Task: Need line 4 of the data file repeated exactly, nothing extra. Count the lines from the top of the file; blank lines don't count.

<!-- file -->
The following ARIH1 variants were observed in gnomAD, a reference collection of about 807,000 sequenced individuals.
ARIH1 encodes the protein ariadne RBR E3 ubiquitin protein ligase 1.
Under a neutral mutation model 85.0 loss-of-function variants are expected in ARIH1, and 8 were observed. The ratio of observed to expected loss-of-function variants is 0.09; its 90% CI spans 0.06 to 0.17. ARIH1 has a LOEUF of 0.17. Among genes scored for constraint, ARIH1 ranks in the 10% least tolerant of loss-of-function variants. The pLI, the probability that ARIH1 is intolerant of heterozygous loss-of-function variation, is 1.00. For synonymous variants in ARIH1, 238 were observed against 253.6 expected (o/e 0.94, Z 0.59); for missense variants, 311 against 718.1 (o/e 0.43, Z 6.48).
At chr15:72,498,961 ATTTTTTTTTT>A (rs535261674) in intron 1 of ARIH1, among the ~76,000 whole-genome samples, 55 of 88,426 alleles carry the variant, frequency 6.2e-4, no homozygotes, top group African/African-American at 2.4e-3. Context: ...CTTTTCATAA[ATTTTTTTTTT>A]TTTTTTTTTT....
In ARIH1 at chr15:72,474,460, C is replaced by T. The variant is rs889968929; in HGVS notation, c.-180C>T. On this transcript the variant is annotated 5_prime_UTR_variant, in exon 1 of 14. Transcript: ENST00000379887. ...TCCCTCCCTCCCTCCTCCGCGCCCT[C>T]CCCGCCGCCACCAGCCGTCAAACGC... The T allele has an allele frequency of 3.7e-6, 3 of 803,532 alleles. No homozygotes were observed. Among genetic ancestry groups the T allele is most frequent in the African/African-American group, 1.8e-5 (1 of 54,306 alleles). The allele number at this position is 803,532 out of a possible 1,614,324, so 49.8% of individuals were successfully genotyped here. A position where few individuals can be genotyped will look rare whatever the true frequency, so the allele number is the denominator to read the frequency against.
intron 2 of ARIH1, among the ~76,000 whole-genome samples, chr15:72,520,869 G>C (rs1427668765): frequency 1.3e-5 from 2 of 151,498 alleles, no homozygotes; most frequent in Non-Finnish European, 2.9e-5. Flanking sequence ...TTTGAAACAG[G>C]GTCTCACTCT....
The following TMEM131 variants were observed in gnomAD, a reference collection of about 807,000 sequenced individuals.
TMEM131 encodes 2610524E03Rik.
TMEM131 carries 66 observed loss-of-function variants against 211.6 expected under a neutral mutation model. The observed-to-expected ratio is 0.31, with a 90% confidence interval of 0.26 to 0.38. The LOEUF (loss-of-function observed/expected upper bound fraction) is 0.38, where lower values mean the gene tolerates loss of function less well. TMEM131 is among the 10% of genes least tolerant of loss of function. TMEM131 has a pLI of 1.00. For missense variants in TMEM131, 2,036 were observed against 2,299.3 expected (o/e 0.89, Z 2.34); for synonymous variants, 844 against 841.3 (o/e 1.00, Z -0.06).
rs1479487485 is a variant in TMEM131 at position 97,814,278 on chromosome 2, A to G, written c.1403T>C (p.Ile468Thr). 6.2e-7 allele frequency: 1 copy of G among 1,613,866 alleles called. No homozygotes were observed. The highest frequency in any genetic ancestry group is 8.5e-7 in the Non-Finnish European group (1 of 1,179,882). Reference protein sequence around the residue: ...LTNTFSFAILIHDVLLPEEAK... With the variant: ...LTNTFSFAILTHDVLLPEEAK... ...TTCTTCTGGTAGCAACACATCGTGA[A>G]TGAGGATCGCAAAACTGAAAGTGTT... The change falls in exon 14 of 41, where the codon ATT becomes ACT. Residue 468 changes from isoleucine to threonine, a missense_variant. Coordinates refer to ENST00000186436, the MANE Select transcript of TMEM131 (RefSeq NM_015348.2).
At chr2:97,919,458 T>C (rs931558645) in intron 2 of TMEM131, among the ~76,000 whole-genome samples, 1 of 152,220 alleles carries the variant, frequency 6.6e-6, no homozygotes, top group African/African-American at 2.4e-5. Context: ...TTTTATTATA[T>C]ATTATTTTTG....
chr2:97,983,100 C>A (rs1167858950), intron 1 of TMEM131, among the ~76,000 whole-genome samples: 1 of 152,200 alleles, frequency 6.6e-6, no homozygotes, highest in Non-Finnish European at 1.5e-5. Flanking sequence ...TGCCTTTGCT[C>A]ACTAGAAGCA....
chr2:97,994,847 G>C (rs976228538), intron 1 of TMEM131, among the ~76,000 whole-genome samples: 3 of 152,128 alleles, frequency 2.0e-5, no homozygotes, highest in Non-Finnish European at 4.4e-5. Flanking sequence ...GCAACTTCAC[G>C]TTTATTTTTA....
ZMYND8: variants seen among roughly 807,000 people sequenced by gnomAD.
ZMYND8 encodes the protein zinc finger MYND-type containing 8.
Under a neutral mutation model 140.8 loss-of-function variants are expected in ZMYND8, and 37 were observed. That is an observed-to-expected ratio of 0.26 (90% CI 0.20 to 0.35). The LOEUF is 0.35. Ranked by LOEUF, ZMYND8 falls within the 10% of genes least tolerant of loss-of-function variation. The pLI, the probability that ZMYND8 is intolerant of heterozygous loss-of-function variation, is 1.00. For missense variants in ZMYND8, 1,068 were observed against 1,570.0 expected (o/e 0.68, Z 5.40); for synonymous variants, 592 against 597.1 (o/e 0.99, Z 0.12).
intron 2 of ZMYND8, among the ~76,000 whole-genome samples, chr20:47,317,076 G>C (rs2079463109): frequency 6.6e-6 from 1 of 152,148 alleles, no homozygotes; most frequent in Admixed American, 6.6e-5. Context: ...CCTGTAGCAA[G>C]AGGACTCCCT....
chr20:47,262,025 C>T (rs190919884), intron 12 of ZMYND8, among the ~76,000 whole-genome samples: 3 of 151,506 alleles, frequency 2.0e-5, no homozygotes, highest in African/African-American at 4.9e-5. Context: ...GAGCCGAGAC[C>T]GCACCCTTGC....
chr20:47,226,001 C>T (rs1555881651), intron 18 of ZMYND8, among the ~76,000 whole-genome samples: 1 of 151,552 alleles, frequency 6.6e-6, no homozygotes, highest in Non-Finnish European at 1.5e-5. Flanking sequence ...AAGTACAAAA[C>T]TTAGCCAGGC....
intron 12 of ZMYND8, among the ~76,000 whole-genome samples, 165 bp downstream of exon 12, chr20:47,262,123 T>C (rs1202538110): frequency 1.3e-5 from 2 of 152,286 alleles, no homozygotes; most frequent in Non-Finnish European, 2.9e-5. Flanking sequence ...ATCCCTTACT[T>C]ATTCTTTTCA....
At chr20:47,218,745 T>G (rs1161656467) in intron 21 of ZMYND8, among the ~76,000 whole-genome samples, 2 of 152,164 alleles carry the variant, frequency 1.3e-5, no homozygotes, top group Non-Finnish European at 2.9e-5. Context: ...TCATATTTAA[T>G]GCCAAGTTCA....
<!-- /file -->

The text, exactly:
At chr15:72,498,961 ATTTTTTTTTT>A (rs535261674) in intron 1 of ARIH1, among the ~76,000 whole-genome samples, 55 of 88,426 alleles carry the variant, frequency 6.2e-4, no homozygotes, top group African/African-American at 2.4e-3. Context: ...CTTTTCATAA[ATTTTTTTTTT>A]TTTTTTTTTT....